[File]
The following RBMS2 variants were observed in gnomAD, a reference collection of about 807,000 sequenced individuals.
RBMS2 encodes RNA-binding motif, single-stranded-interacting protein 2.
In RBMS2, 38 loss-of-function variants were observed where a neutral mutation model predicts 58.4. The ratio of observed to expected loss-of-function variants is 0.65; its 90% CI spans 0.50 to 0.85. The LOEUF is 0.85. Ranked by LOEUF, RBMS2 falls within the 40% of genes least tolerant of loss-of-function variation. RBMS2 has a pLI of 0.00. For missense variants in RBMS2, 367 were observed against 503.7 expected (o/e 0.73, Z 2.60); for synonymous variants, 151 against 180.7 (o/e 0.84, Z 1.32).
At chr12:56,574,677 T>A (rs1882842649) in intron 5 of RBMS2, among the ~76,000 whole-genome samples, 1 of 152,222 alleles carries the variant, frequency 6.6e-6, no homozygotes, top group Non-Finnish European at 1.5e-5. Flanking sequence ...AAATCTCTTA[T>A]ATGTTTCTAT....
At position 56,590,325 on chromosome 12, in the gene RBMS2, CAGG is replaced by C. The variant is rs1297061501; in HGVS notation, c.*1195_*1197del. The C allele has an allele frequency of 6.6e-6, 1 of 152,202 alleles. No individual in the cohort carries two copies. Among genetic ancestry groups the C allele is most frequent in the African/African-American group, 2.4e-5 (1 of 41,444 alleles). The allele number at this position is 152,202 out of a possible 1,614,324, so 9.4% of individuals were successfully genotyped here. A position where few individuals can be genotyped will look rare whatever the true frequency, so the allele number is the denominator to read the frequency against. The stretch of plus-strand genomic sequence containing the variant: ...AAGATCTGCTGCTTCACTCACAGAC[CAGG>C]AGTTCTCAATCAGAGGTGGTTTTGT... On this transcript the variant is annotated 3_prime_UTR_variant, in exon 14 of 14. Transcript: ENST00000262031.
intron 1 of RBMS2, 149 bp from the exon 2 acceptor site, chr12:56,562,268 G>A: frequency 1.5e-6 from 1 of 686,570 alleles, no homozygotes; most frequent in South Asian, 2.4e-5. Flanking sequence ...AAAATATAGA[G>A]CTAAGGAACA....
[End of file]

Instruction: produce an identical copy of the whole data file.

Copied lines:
The following RBMS2 variants were observed in gnomAD, a reference collection of about 807,000 sequenced individuals.
RBMS2 encodes RNA-binding motif, single-stranded-interacting protein 2.
In RBMS2, 38 loss-of-function variants were observed where a neutral mutation model predicts 58.4. The ratio of observed to expected loss-of-function variants is 0.65; its 90% CI spans 0.50 to 0.85. The LOEUF is 0.85. Ranked by LOEUF, RBMS2 falls within the 40% of genes least tolerant of loss-of-function variation. RBMS2 has a pLI of 0.00. For missense variants in RBMS2, 367 were observed against 503.7 expected (o/e 0.73, Z 2.60); for synonymous variants, 151 against 180.7 (o/e 0.84, Z 1.32).
At chr12:56,574,677 T>A (rs1882842649) in intron 5 of RBMS2, among the ~76,000 whole-genome samples, 1 of 152,222 alleles carries the variant, frequency 6.6e-6, no homozygotes, top group Non-Finnish European at 1.5e-5. Flanking sequence ...AAATCTCTTA[T>A]ATGTTTCTAT....
At position 56,590,325 on chromosome 12, in the gene RBMS2, CAGG is replaced by C. The variant is rs1297061501; in HGVS notation, c.*1195_*1197del. The C allele has an allele frequency of 6.6e-6, 1 of 152,202 alleles. No individual in the cohort carries two copies. Among genetic ancestry groups the C allele is most frequent in the African/African-American group, 2.4e-5 (1 of 41,444 alleles). The allele number at this position is 152,202 out of a possible 1,614,324, so 9.4% of individuals were successfully genotyped here. A position where few individuals can be genotyped will look rare whatever the true frequency, so the allele number is the denominator to read the frequency against. The stretch of plus-strand genomic sequence containing the variant: ...AAGATCTGCTGCTTCACTCACAGAC[CAGG>C]AGTTCTCAATCAGAGGTGGTTTTGT... On this transcript the variant is annotated 3_prime_UTR_variant, in exon 14 of 14. Transcript: ENST00000262031.
intron 1 of RBMS2, 149 bp from the exon 2 acceptor site, chr12:56,562,268 G>A: frequency 1.5e-6 from 1 of 686,570 alleles, no homozygotes; most frequent in South Asian, 2.4e-5. Flanking sequence ...AAAATATAGA[G>A]CTAAGGAACA....